"The Pickens Plan" for Wind Energy: Why Use Natural Gas for Cars?

Oilman T. Boone Pickens made a splash last week by announcing plans to build a wind farm with 4,000 megawatts worth of generating capacity.  The Pickens Plan calls the U.S. the Saudi Arabia of oil wind, and he notes that, "At current oil prices, we will send $700 billion dollars out of the country this year alone — that's four times the annual cost of the Iraq war."  His logic in making this investment is pretty straightforward:

Building wind facilities in the corridor that stretches from the Texas panhandle to North Dakota could produce 20% of the electricity for the United States at a cost of $1 trillion. It would take another $200 billion to build the capacity to transmit that energy to cities and towns.

That's a lot of money, but it's a one-time cost. And compared to the $700 billion we spend on foreign oil every year, it's a bargain.

Great -- the more energy we generate at home, the more we can invest in rebuilding the U.S. economy and infrastructure.  Somewhat less obvious is the logic of his suggestion that this electricity be used to free up natural gas now burned to provide ~20% of US electricity, and instead use that gas to power cars.

There are very few natural gas powered cars in this country, and it would take an enormous investment to either retrofit existing vehicles or replace a large fraction of the existing fleet in less time than the present ~13 year life cycle.  Moreover, burning natural gas in large turbines is way more efficient than burning it in small car engines, so it is actually better used to produce electricity for the grid.  It would seem to make more sense to just use the added electricity generation capacity from wind to directly offset petroleum use.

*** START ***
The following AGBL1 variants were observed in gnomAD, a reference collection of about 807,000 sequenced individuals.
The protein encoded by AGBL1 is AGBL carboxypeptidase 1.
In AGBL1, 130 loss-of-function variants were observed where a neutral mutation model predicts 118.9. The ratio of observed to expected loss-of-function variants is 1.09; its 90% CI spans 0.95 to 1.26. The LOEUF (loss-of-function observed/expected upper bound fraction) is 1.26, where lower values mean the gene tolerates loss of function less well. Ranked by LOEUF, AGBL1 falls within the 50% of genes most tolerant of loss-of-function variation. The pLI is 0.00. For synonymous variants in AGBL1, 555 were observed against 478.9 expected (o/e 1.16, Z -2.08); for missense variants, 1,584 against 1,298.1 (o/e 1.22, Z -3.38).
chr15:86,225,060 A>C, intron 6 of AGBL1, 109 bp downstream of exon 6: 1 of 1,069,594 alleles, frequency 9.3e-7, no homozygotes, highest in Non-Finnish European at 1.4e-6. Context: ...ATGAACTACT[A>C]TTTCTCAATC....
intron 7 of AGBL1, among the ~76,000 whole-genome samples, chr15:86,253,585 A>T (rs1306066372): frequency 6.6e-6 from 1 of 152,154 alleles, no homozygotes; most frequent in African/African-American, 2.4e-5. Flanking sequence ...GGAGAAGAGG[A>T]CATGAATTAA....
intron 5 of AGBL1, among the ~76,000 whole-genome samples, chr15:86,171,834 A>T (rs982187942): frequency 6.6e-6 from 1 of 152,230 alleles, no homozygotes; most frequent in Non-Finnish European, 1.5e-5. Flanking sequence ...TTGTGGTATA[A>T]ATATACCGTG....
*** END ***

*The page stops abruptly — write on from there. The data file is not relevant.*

Why not just replace or retrofit the fleet with plug-in hybrids that substantially increase the efficiency of cars regardless of their fuel type?  Then you could be agnostic about the specific engine technology and fuel, but still know you could potentially double the mileage of any given vehicle by recharging from the electricity grid?  Here, for example, is a story at Wired News by Chuck Squatriglia in which Andy Grove, the CEO of Intel, calls for converting 10 million cars and trucks in the U.S. to plug in hybrids over the next four years.  The story quotes John Dabels, CEO of conversion start-up EV Power Systems, as saying his company can provide an $11,000 conversion kit that bolts onto the transmission of existing cars and trucks and delivers a 30-40% increase in liquid fuel efficiency.  Google has evidently been running a fleet of plug-in Priuses and Escapes with a 50% improvement over the standard hybrid.  These are early numbers.  Efficiencies are bound to increase as better batteries and electric motors enter the market.

Pair plug-in hybrids with microbial biofuel synthesis -- oh, alright, and even cellulosic ethanol -- and suddenly you get way more out of your feedstock and thereby reduce pressure on food prices.  Not that I am biased or anything.